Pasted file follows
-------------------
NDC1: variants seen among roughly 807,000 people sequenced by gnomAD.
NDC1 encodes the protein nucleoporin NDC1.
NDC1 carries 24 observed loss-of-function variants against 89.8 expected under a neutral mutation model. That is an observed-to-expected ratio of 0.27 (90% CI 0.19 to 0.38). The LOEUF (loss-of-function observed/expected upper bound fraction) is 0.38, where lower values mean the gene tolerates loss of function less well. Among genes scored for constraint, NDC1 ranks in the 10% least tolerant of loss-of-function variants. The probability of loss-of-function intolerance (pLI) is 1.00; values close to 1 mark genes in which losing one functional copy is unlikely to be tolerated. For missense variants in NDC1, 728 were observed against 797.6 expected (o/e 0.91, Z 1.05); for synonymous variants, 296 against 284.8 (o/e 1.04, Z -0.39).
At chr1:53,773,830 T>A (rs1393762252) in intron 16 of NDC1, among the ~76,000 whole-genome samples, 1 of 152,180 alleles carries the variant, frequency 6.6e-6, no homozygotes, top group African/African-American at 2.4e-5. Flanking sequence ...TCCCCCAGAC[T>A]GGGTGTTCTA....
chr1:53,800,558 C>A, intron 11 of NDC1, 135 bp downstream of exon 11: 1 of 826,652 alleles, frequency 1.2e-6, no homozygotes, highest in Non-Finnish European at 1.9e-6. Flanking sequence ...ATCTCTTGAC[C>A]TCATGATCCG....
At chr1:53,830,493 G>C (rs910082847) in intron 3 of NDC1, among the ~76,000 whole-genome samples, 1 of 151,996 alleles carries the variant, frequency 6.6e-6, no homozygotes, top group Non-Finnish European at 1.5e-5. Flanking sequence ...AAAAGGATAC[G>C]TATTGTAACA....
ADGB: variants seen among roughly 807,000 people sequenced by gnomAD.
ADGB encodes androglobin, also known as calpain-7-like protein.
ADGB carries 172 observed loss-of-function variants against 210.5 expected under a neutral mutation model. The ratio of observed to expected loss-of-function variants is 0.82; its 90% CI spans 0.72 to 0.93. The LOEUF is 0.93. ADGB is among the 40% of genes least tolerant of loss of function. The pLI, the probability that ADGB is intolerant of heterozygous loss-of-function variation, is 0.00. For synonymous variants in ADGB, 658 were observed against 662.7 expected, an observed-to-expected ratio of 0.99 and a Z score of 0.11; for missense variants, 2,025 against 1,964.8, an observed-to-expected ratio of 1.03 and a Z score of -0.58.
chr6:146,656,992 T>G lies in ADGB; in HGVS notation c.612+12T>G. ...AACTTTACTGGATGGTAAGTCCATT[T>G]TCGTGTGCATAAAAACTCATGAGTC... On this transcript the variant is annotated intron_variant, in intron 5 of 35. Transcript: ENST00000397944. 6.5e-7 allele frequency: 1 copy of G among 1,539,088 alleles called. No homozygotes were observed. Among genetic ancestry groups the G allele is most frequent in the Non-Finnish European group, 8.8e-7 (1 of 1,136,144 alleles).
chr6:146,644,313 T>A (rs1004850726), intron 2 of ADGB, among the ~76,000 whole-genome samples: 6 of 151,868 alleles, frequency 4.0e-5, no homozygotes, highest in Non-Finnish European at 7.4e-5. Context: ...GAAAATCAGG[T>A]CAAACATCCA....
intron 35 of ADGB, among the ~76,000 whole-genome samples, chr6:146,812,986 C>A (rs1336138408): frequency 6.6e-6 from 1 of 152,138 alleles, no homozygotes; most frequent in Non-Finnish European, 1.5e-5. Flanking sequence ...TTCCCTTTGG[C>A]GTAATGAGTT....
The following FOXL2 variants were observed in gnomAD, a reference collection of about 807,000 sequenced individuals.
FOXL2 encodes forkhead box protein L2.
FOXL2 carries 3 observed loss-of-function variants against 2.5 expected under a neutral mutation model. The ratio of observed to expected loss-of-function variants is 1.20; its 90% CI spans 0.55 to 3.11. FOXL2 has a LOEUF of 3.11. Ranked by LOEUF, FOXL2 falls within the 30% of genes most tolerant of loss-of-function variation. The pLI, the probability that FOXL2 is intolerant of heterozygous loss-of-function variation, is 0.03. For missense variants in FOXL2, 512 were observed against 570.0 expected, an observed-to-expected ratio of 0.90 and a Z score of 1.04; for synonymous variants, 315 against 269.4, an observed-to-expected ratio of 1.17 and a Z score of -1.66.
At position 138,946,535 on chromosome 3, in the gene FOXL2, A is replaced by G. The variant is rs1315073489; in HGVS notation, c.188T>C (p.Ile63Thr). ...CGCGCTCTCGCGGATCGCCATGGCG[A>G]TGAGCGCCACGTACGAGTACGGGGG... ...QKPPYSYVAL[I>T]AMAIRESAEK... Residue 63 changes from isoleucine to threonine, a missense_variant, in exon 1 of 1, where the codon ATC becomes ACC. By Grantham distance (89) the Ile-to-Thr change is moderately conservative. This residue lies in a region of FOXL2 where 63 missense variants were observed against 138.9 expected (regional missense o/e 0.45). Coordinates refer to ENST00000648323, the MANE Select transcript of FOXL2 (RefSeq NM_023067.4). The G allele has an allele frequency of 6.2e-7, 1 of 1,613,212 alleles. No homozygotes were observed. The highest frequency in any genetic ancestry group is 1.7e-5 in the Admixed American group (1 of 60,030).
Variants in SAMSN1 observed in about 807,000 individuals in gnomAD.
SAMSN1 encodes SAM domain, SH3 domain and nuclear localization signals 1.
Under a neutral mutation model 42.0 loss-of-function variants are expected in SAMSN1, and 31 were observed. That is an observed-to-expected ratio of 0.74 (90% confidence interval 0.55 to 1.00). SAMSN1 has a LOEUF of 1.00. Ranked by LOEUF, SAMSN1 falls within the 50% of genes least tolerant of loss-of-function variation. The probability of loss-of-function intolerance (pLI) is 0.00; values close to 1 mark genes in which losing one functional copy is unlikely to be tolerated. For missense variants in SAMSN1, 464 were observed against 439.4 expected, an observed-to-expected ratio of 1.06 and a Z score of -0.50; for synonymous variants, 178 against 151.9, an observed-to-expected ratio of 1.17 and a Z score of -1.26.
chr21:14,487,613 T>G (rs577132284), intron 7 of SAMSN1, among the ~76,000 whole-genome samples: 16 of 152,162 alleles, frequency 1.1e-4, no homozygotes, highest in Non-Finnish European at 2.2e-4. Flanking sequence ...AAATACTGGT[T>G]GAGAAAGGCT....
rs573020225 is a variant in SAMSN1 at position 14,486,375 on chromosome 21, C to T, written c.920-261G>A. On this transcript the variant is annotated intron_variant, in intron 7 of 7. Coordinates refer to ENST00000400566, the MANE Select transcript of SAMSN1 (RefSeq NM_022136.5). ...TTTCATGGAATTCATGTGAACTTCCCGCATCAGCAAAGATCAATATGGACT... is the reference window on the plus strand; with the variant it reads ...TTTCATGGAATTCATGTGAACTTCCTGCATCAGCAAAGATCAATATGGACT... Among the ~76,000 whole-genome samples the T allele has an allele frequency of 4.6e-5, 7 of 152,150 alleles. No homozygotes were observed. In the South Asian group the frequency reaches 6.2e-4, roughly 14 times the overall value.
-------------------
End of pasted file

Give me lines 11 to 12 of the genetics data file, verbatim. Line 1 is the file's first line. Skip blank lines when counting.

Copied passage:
chr6:146,644,313 T>A (rs1004850726), intron 2 of ADGB, among the ~76,000 whole-genome samples: 6 of 151,868 alleles, frequency 4.0e-5, no homozygotes, highest in Non-Finnish European at 7.4e-5. Context: ...GAAAATCAGG[T>A]CAAACATCCA....
intron 35 of ADGB, among the ~76,000 whole-genome samples, chr6:146,812,986 C>A (rs1336138408): frequency 6.6e-6 from 1 of 152,138 alleles, no homozygotes; most frequent in Non-Finnish European, 1.5e-5. Flanking sequence ...TTCCCTTTGG[C>A]GTAATGAGTT....